Over 60% of the adult population in England visits a dentist for regular check-ups.22 Many people are not aware of the effects of smoking on the mouth so it is important to highlight these to smokers. As well as its general health benefits, stopping smoking has also been associated with improved dental outcomes.23 Ask about smoking as part of the patient's medical history, and ask again regularly, outlining the links between smoking and oral health. For more information, the NCSCT has developed a fact sheet.
Public awareness of the effects of smoking on the eyes is low, yet the prospect of going blind (for example, from age-related macular degeneration) can be a strong motivator to quit.24 Ask about smoking as part of the medical history, and ask again regularly, outlining the links between smoking and eye health.
- Office for National Statistics. Adult smoking habits in Great Britain: 2014. ONS, 2016. Available at: www.ons.gov.uk/peoplepopulationandcommunity/healthandsocialcare/healthandlifeexpectancies/bulletins/adultsmokinghabitsingreatbritain/2014
- Action on Smoking and Health. Smoking statistics—illness and death. ASH, 2016. Available at: ash.org.uk/files/documents/ASH_107.pdf
- Doll R, Peto R, Boreham J, Sutherland I. Mortality in relation to smoking: 50 years' observations on male British doctors. BMJ, 2004; 328: 1519–1527.
- Callum C, Boyle S, Sandford A. Estimating the cost of smoking to the NHS in England and the impact of declining prevalence. Health Econ Policy Law 2011; 6: 489–508.
- Featherstone H, Nash R. Cough up: balancing tobacco income and costs in society. Policy Exchange—Research note, 2010. Available at: policyexchange.org.uk/publication/cough-up-balancing-tobacco-income-and-costs-in-society/
- Department of Health. Improving outcomes and supporting transparency—part 1A: A public health outcomes framework for England, 2013–2016. DoH, 2013. Available at: www.gov.uk/government/publications/healthy-lives-healthy-people-improving-outcomes-and-supporting-transparency
- West R, Brown J. Smoking and smoking cessation in England 2011: Findings from the smoking toolkit study. London, 2012. Available at: www.smokinginengland.info/sts-documents/ (accessed 7 December 2016).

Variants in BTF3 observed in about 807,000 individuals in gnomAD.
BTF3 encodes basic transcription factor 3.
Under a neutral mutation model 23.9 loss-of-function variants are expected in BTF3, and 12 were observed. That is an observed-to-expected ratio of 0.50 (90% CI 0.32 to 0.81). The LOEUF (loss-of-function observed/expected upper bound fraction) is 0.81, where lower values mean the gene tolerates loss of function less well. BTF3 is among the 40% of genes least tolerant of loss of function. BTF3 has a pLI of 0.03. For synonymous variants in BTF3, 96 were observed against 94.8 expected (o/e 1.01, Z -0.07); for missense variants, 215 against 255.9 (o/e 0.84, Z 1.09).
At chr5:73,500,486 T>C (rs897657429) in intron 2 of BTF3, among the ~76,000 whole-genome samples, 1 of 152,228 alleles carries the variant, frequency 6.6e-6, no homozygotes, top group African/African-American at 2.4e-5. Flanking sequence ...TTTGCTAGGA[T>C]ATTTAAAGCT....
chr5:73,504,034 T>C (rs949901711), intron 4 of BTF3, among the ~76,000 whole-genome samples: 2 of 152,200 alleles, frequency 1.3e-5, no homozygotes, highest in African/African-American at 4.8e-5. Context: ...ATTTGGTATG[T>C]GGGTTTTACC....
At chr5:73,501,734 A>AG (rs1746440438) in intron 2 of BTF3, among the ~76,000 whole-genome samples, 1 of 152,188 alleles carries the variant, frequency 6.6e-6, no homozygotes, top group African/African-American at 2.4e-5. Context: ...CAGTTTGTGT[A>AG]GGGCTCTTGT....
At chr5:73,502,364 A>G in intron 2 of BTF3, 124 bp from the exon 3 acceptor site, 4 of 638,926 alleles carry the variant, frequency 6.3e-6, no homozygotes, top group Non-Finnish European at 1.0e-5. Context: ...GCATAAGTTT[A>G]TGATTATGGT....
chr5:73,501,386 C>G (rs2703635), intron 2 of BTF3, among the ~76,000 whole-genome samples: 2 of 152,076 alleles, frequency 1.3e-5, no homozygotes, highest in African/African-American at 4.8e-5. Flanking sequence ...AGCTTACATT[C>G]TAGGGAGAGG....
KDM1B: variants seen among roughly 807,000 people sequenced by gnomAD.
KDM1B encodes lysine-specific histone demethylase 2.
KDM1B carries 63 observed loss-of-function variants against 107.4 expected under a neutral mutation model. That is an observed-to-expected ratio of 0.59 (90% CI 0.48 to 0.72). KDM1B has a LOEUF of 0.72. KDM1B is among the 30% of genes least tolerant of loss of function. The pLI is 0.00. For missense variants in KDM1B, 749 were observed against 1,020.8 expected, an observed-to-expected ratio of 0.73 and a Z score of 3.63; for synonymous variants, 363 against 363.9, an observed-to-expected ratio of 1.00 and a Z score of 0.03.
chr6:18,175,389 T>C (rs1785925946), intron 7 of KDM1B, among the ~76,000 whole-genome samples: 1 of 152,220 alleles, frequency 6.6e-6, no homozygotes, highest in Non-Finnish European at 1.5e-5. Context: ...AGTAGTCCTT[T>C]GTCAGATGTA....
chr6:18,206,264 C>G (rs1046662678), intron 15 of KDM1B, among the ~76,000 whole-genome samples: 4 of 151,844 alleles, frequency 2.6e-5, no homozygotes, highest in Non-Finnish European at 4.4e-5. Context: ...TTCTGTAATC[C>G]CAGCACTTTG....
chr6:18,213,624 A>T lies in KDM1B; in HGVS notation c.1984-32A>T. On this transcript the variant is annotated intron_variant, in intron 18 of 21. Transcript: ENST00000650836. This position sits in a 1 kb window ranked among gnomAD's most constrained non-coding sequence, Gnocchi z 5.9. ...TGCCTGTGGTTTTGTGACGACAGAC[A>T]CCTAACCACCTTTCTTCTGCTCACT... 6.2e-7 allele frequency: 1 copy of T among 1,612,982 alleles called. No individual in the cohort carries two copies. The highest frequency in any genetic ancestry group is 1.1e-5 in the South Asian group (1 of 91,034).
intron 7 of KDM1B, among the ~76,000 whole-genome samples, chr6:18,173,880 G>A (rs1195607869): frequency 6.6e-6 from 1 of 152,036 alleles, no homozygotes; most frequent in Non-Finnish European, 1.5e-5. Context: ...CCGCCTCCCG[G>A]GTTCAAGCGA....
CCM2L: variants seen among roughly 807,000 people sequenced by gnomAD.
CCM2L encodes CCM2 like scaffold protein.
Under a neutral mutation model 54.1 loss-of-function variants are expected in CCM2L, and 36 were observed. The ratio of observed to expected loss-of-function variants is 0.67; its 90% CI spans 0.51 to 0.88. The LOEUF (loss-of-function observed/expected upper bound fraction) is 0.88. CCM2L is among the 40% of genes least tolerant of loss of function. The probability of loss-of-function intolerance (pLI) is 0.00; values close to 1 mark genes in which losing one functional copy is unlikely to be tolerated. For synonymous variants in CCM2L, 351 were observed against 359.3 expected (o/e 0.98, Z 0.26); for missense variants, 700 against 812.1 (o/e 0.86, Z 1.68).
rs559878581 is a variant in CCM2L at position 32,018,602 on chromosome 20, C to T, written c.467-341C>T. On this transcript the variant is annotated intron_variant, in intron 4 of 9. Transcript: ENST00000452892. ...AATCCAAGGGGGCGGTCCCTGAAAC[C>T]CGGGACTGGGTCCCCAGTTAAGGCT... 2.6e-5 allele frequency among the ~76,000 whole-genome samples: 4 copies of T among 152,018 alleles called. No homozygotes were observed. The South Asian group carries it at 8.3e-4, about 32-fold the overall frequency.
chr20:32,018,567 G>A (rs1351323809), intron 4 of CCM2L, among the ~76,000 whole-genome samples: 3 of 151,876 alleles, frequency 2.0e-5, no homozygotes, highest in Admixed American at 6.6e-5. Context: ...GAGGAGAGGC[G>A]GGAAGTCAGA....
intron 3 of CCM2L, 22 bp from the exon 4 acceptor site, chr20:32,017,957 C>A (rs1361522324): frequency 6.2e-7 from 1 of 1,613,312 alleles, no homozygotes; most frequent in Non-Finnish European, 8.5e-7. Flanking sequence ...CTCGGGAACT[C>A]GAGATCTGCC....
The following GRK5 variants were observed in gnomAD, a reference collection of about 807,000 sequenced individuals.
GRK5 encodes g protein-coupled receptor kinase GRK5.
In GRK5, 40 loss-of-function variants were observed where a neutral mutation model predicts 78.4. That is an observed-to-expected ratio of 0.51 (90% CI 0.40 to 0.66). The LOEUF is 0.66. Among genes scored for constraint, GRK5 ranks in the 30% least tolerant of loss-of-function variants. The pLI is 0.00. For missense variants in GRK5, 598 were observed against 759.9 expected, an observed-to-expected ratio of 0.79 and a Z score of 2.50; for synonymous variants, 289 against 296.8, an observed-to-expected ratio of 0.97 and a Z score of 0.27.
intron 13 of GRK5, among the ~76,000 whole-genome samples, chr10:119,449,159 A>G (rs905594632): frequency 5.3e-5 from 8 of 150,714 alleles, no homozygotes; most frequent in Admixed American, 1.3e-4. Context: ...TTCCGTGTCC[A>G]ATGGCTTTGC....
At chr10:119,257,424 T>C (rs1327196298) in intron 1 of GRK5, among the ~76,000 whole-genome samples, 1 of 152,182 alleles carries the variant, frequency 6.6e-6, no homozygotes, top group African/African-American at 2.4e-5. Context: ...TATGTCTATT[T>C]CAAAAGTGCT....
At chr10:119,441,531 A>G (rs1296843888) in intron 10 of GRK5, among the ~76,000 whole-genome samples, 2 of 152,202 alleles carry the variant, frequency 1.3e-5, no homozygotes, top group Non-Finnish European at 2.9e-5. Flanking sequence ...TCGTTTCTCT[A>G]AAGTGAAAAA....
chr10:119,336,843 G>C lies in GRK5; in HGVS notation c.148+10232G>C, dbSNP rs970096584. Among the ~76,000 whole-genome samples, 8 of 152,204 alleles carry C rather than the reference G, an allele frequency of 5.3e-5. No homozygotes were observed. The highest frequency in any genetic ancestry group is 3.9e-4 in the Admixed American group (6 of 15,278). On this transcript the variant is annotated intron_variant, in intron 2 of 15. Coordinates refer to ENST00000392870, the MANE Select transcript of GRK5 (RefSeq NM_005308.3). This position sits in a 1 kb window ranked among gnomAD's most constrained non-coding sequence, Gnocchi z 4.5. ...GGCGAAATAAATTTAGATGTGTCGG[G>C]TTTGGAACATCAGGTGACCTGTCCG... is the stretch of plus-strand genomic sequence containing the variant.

- Rennard S, Daughton D. Smoking cessation. Clin Chest Med 2014; 35: 165–76.
- NHS Health Check website. www.nhs.uk/Conditions/nhs-health-check/Pages/NHS-Health-Check.aspx (accessed 6 December 2016).
- NHS Employers. 2016/17 General Medical Services (GMS) contract Quality and Outcomes Framework (QOF)—guidance for GMS contract 2016/17. NHS Employers, 2016. Available at: www.nhsemployers.org/your-workforce/primary-care-contacts/general-medical-services/quality-and-outcomes-framework (accessed 7 December 2016).
- Aveyard P, Begh R, Parsons A, West R. Brief opportunistic smoking cessation interventions: a systematic review and meta-analysis to compare advice to quit and offer of assistance. Addiction 2012; 107 (6): 1066–1073.
- National Centre for Smoking Cessation and Training. Local stop smoking services—service and delivery guidance 2014. NCSCT, 2014. Available at: www.ncsct.co.uk/publication_service_and_delivery_guidance_2014.php
- Flocke S, Antognoli E, Step M et al. A teachable moment communication process for smoking cessation talk: description of a group randomised clinician-focused intervention. BMC Health Services Research 2012; 12: 109–121.
- NICE. Stop smoking services. Public Health Guideline 10. NICE, 2008 (last updated 2013). Available at: www.nice.org.uk/ph10
- NICE. Smoking: acute, maternity and mental health services. Public Health Guideline 48. NICE, 2013. Available at: www.nice.org.uk/ph48
- West R, Beard E, Brown, J. Smoking toolkit study—Trends in electronic cigarette use in England. University College London, 2016. Available at: www.smokinginengland.info/sts-documents/ (accessed 7 December 2016).
- McNeill A, Brose L, Calder R, Hitchman S. E-cigarettes: an evidence update. Public Health England, 2015. Available at: www.gov.uk/government/publications/e-cigarettes-an-evidence-update
- McRobbie H, Bullen C, Hartmann-Boyce J, Hajek P. Electronic cigarettes for smoking cessation and reduction. Cochrane Database Syst Rev 2014: 12: CD010216
- NICE. Smoking: brief interventions and referrals. Public Health Guideline 1. NICE, 2006. Available at: www.nice.org.uk/ph1
- Tobacco Use and Dependence Guideline Panel. Treating tobacco use and dependence: 2008 Update. Rockville (MD): US Department of Health and Human Services, 2008. Available at: www.ncbi.nlm.nih.gov/books/NBK63952/
- Local Government Association. Community pharmacy—local government’s new public health role. LGA, 2013. Available at: www.local.gov.uk/publications/-/journal_content/56/10180/5597846/PUBLICATION
- The Health and Social Care Information Centre. Executive summary: adult dental health survey 2009. HSCIC, 2011. Available at: content.digital.nhs.uk/catalogue/PUB01086/adul-dent-heal-surv-summ-them-exec-2009-rep2.pdf
- National Centre for Smoking Cessation and Training. The clinical case for providing stop smoking support to dental patients. NCSCT, 2011. Available at: www.ncsct.co.uk/publication_supporting-dental-patients.php
- Action on smoking and health. Fact sheet—smoking and eye disease. ASH, 2014. Available at: ash.org.uk/category/information-and-resources/fact-sheets/G